“Both sides knew it would take some time, but three and a half years later, they still have some substantial problems,” said attorney David Rudovsky. The report states that out of 2,519 pedestrian stops in the first half of 2014, 37 percent were made without reasonable suspicion. Police asserted that the number of frisks without reasonable suspicion was only 5 percent. Contraband was found in 58, or 2.5 percent, of the 2,519 pedestrian stops. Out of the 433 frisks, only two firearms were seized, and in 78 instances where someone was frisked because of a “bulge” in their pocket, a weapon was found once.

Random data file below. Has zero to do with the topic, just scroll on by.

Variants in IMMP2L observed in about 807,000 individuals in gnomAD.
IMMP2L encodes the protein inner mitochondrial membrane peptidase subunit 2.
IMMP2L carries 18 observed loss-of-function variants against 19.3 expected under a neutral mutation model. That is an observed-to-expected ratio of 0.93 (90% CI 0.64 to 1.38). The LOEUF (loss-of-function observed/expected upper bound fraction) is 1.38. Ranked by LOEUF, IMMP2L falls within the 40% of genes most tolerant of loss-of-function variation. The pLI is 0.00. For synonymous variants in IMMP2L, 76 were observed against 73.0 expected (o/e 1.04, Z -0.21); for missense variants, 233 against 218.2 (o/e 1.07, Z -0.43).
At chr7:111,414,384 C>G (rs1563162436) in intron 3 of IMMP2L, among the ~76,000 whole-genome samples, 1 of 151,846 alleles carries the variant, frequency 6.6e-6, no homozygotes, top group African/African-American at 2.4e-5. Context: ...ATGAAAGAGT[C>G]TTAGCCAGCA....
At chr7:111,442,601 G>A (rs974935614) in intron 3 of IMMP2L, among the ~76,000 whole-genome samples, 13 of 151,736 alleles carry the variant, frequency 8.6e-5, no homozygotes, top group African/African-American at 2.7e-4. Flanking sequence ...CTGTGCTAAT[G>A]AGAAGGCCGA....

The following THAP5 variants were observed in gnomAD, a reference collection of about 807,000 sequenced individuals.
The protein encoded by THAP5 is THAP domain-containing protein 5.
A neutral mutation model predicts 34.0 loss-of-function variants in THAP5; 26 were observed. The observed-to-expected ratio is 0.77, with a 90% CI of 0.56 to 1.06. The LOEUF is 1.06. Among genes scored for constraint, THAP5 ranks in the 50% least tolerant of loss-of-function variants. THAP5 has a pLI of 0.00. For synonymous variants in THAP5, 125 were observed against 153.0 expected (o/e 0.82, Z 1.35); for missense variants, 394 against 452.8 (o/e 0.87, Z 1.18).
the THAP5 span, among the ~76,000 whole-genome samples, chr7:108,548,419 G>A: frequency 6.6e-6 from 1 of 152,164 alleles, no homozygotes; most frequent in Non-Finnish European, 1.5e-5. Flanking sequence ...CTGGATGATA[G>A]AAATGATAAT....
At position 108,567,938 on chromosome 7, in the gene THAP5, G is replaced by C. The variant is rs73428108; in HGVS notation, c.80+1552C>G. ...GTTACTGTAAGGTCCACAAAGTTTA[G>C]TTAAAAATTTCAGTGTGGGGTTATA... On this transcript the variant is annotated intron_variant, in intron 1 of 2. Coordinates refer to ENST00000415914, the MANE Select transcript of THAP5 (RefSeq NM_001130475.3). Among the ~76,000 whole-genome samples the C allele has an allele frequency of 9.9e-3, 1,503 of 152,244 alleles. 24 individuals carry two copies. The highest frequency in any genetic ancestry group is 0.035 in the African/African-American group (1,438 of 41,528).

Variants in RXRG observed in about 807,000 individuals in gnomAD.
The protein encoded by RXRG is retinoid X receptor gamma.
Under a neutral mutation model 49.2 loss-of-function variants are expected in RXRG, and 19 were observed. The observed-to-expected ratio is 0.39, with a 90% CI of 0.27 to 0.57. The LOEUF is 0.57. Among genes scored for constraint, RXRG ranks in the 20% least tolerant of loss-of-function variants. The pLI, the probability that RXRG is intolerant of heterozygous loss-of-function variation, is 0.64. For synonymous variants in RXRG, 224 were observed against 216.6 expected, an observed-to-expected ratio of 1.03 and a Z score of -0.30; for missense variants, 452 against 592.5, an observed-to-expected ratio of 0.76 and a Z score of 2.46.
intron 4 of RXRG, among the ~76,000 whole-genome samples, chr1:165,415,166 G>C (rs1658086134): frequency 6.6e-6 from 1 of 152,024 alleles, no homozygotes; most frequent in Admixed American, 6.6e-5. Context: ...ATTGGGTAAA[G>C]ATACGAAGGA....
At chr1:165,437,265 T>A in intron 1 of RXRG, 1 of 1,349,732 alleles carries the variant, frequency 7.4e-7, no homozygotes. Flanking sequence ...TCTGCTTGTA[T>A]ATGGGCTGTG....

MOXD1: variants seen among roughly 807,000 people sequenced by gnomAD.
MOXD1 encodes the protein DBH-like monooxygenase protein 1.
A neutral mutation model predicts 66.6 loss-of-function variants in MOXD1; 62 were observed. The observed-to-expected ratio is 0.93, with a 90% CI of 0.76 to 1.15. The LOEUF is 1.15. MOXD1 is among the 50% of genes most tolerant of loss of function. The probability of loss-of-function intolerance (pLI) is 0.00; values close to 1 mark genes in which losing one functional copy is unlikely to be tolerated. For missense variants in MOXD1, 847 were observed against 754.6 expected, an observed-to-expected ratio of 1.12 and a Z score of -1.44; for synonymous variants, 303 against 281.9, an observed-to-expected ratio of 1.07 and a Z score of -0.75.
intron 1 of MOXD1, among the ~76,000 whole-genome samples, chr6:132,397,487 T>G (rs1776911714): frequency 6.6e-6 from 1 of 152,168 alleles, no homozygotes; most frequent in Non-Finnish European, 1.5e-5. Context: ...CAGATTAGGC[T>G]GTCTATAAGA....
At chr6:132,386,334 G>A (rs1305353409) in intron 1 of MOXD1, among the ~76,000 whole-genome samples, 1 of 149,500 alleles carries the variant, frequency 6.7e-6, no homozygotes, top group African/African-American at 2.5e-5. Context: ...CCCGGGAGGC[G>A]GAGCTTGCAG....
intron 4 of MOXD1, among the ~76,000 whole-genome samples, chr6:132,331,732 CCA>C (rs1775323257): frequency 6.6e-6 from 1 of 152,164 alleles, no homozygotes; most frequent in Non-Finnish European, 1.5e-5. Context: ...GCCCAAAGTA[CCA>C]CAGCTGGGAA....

The Philadelphia Police Department’s use of stop-and-frisk still has “serious flaws,” according to a report filed by the American Civil Liberties Union and and the law firm of Kairsy Rudovsky Messing & Feinberg in federal court, reports the Philadelphia Daily News. The report was part of a 2011 consent decree in a lawsuit accusing the Police Department of subjecting black and Latino men to unconstitutional stop-and-frisk searches. The department was required to train officers better and manage a database that would allow the ACLU to analyze where stop-and-frisk searches were occurring and why.